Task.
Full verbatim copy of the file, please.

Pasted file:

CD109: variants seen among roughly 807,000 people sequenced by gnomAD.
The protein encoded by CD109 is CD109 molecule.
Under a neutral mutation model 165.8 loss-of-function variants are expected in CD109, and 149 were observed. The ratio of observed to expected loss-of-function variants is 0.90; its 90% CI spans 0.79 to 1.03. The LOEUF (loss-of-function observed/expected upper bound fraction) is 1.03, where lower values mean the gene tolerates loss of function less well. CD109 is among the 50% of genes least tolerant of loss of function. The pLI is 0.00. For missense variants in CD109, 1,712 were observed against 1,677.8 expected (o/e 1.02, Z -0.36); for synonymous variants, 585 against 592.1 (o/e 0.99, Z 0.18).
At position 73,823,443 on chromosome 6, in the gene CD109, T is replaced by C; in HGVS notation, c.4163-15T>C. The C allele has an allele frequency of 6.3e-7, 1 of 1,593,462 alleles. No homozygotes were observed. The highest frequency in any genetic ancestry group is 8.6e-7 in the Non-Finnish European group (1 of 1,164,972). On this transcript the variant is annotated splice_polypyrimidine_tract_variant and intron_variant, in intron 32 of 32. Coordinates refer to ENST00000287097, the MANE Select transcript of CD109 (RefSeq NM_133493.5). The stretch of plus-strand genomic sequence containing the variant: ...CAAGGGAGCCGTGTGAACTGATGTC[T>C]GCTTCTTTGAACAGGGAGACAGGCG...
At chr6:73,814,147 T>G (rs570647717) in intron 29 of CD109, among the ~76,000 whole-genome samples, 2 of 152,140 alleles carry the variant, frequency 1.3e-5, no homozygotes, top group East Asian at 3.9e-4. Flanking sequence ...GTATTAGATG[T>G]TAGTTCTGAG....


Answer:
CD109: variants seen among roughly 807,000 people sequenced by gnomAD.
The protein encoded by CD109 is CD109 molecule.
Under a neutral mutation model 165.8 loss-of-function variants are expected in CD109, and 149 were observed. The ratio of observed to expected loss-of-function variants is 0.90; its 90% CI spans 0.79 to 1.03. The LOEUF (loss-of-function observed/expected upper bound fraction) is 1.03, where lower values mean the gene tolerates loss of function less well. CD109 is among the 50% of genes least tolerant of loss of function. The pLI is 0.00. For missense variants in CD109, 1,712 were observed against 1,677.8 expected (o/e 1.02, Z -0.36); for synonymous variants, 585 against 592.1 (o/e 0.99, Z 0.18).
At position 73,823,443 on chromosome 6, in the gene CD109, T is replaced by C; in HGVS notation, c.4163-15T>C. The C allele has an allele frequency of 6.3e-7, 1 of 1,593,462 alleles. No homozygotes were observed. The highest frequency in any genetic ancestry group is 8.6e-7 in the Non-Finnish European group (1 of 1,164,972). On this transcript the variant is annotated splice_polypyrimidine_tract_variant and intron_variant, in intron 32 of 32. Coordinates refer to ENST00000287097, the MANE Select transcript of CD109 (RefSeq NM_133493.5). The stretch of plus-strand genomic sequence containing the variant: ...CAAGGGAGCCGTGTGAACTGATGTC[T>C]GCTTCTTTGAACAGGGAGACAGGCG...
At chr6:73,814,147 T>G (rs570647717) in intron 29 of CD109, among the ~76,000 whole-genome samples, 2 of 152,140 alleles carry the variant, frequency 1.3e-5, no homozygotes, top group East Asian at 3.9e-4. Flanking sequence ...GTATTAGATG[T>G]TAGTTCTGAG....